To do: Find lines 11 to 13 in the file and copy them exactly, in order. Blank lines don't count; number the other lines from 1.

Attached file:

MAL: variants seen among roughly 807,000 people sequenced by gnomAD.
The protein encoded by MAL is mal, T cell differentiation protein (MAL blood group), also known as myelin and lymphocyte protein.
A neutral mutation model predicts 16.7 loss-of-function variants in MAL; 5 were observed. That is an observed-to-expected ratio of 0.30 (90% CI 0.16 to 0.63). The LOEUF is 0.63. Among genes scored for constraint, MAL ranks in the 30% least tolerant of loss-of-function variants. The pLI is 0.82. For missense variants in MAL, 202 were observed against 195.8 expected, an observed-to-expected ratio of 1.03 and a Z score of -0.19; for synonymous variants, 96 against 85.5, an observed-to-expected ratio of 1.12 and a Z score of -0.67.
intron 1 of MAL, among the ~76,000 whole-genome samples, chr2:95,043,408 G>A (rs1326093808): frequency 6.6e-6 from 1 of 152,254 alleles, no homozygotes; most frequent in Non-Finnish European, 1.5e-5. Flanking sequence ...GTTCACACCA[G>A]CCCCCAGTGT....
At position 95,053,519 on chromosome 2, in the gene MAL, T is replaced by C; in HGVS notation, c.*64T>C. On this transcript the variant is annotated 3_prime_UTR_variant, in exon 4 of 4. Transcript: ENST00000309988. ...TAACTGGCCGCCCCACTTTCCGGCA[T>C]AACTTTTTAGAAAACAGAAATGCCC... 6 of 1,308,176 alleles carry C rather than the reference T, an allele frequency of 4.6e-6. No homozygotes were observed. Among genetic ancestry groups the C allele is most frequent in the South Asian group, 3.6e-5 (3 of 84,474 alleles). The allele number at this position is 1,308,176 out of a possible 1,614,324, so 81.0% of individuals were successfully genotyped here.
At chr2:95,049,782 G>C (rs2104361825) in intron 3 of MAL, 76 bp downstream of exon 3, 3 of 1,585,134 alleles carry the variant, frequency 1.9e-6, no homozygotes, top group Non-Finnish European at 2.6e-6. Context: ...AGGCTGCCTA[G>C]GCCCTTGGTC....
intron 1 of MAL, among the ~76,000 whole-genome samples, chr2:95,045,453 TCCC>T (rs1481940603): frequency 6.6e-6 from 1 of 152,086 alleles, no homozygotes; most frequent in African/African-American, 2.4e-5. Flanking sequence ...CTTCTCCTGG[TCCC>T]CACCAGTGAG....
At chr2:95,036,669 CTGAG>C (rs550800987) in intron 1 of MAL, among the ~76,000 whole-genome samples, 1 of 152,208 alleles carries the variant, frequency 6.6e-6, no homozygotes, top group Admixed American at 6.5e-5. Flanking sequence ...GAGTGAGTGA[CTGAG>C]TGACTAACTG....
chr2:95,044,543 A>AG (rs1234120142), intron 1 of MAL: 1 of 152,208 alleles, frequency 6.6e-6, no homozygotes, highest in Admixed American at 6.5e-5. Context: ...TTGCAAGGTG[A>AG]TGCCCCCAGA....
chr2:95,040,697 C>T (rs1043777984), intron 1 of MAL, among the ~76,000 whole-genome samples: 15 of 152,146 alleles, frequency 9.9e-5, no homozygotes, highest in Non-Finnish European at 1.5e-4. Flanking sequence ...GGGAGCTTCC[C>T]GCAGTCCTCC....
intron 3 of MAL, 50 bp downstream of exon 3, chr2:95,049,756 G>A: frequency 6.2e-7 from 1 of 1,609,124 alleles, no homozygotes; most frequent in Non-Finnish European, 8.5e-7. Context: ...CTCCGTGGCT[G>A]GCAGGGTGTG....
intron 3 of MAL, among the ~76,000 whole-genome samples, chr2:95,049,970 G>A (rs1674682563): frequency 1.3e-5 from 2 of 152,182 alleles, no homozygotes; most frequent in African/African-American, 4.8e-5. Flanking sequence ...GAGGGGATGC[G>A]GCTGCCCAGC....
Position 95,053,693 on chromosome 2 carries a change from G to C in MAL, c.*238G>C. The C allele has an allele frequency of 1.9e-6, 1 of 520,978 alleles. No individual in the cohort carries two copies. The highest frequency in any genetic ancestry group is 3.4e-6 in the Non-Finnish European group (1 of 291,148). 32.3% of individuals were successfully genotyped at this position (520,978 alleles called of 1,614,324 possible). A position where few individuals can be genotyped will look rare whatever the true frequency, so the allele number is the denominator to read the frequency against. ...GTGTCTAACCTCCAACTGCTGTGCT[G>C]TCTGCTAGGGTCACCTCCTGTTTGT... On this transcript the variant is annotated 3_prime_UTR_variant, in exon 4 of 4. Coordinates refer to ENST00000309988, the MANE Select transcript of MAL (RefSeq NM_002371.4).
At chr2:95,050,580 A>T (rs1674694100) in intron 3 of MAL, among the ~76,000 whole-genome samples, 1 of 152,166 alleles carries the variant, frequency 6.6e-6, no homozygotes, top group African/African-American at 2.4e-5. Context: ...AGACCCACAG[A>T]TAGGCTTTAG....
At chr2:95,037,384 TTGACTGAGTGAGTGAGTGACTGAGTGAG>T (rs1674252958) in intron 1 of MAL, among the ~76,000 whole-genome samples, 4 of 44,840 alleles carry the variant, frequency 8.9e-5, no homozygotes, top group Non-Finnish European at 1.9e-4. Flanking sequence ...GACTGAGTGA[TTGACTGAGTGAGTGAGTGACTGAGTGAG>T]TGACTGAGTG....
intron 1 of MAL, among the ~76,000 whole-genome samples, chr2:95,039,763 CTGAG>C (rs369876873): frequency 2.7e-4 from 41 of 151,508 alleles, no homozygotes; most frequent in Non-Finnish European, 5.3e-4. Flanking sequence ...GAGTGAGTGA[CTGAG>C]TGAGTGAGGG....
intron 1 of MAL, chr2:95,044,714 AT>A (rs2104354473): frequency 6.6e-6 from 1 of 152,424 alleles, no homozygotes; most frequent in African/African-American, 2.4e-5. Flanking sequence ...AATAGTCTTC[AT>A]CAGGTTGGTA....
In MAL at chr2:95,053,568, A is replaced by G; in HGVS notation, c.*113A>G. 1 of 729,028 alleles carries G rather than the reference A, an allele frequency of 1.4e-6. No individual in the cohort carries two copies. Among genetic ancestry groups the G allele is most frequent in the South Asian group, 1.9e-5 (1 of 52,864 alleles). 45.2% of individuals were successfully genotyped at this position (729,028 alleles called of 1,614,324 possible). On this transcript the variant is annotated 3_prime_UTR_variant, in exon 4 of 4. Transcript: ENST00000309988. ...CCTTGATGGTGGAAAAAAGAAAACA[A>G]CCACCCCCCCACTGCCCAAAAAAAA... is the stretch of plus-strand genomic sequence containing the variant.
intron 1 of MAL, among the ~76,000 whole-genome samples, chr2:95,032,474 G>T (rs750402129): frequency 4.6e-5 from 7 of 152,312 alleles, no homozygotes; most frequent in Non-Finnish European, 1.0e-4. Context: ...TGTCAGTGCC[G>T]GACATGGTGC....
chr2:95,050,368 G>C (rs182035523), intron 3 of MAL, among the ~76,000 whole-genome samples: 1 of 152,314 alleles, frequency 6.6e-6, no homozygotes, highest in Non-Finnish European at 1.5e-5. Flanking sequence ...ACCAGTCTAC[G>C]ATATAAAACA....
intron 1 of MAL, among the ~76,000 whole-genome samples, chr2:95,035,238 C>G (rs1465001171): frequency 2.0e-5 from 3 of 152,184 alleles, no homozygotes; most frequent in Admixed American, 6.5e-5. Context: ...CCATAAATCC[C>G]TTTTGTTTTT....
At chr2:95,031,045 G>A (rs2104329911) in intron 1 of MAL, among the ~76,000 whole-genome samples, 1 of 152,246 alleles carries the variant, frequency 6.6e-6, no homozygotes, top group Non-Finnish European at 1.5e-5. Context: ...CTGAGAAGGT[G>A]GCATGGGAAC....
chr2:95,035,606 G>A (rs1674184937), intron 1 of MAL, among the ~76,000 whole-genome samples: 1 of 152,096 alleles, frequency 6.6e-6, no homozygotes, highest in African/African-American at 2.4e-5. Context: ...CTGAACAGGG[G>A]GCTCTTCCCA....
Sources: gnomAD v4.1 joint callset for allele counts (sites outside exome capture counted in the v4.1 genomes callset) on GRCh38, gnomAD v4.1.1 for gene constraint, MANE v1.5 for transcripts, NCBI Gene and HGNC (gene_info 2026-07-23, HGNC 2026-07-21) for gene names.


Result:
intron 3 of MAL, 50 bp downstream of exon 3, chr2:95,049,756 G>A: frequency 6.2e-7 from 1 of 1,609,124 alleles, no homozygotes; most frequent in Non-Finnish European, 8.5e-7. Context: ...CTCCGTGGCT[G>A]GCAGGGTGTG....
intron 3 of MAL, among the ~76,000 whole-genome samples, chr2:95,049,970 G>A (rs1674682563): frequency 1.3e-5 from 2 of 152,182 alleles, no homozygotes; most frequent in African/African-American, 4.8e-5. Flanking sequence ...GAGGGGATGC[G>A]GCTGCCCAGC....
Position 95,053,693 on chromosome 2 carries a change from G to C in MAL, c.*238G>C. The C allele has an allele frequency of 1.9e-6, 1 of 520,978 alleles. No individual in the cohort carries two copies. The highest frequency in any genetic ancestry group is 3.4e-6 in the Non-Finnish European group (1 of 291,148). 32.3% of individuals were successfully genotyped at this position (520,978 alleles called of 1,614,324 possible). A position where few individuals can be genotyped will look rare whatever the true frequency, so the allele number is the denominator to read the frequency against. ...GTGTCTAACCTCCAACTGCTGTGCT[G>C]TCTGCTAGGGTCACCTCCTGTTTGT... On this transcript the variant is annotated 3_prime_UTR_variant, in exon 4 of 4. Coordinates refer to ENST00000309988, the MANE Select transcript of MAL (RefSeq NM_002371.4).